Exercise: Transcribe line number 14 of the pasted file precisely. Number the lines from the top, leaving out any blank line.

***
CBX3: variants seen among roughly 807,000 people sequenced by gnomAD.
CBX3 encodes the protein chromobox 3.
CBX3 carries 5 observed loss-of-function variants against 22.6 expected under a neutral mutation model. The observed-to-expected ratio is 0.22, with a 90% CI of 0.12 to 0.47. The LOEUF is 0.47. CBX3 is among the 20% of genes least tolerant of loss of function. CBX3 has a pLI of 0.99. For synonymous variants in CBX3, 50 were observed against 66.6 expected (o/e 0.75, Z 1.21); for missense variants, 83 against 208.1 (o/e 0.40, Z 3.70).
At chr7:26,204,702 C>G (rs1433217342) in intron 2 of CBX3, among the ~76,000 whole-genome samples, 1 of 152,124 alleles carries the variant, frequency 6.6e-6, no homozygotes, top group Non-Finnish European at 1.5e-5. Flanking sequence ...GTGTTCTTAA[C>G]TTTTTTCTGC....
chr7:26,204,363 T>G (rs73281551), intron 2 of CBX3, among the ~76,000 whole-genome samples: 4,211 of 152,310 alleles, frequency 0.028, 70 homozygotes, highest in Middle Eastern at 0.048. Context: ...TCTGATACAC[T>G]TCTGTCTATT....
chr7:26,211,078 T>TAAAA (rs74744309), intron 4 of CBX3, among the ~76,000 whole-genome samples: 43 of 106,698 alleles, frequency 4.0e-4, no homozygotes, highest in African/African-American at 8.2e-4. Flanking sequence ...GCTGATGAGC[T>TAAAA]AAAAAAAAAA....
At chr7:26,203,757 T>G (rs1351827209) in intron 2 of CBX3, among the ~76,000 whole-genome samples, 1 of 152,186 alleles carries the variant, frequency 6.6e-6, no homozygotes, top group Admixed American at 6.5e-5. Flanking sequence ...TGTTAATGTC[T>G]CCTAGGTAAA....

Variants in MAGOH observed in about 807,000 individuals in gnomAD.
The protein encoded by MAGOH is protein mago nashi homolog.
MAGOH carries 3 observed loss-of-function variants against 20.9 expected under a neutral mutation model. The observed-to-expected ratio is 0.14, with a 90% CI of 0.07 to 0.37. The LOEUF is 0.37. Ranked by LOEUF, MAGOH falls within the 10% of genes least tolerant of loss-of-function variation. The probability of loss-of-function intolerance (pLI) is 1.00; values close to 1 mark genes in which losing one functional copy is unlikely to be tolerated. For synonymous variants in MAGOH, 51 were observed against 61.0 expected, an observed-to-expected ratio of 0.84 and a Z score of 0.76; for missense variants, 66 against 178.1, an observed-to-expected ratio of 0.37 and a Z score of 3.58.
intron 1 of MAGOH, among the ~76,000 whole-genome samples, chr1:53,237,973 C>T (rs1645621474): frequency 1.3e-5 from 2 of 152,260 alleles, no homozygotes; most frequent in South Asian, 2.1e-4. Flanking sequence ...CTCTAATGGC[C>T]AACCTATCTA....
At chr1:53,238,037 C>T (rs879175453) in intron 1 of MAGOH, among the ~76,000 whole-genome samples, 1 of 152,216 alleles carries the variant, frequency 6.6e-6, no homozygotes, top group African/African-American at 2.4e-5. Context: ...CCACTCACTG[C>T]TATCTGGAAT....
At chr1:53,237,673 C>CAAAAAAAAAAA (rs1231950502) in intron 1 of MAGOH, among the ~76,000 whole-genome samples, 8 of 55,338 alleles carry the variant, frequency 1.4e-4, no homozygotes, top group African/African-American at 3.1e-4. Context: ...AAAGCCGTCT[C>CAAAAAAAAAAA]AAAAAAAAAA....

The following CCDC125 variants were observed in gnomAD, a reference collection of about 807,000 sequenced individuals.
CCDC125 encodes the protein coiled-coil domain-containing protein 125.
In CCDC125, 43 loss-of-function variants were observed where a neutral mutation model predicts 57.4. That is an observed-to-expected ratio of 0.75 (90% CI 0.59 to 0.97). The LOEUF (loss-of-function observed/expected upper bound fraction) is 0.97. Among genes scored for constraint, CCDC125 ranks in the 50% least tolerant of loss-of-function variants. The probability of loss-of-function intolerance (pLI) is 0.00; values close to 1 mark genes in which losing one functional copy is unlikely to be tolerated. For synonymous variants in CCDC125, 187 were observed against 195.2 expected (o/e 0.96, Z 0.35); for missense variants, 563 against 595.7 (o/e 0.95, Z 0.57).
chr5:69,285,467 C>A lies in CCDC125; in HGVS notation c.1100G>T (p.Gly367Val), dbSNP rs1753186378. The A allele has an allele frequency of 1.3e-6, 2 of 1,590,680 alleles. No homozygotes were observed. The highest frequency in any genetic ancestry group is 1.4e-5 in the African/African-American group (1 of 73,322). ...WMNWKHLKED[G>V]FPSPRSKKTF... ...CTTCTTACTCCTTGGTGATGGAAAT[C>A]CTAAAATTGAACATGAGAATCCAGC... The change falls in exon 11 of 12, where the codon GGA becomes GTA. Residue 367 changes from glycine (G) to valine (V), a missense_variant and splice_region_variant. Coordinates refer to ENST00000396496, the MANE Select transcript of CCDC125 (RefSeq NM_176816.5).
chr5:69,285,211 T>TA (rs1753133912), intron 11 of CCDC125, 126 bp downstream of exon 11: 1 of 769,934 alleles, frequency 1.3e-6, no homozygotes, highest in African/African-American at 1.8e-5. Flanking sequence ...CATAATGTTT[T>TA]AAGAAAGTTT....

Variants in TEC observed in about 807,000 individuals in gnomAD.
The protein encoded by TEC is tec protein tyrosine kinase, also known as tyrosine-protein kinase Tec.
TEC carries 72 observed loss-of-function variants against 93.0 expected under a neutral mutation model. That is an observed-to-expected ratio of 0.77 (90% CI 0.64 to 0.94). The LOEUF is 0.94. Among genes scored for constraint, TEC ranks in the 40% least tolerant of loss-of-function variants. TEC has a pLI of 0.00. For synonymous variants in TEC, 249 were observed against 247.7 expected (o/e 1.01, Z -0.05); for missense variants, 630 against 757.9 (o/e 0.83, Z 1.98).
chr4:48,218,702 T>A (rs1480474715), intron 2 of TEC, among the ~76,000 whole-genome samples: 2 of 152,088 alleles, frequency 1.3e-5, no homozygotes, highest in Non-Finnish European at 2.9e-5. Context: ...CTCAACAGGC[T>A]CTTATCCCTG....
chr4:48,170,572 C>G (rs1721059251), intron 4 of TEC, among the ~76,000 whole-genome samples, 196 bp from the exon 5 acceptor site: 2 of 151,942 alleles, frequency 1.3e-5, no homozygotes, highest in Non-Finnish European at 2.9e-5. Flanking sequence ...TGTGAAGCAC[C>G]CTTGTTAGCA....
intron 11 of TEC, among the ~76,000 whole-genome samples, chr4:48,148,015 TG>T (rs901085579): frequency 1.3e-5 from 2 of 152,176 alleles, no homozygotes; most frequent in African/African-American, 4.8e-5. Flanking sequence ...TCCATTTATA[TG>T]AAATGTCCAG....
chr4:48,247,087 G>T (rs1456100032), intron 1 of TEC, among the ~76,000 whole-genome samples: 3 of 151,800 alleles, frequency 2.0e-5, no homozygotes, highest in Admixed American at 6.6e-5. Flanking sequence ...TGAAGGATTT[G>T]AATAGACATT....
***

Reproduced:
The following CCDC125 variants were observed in gnomAD, a reference collection of about 807,000 sequenced individuals.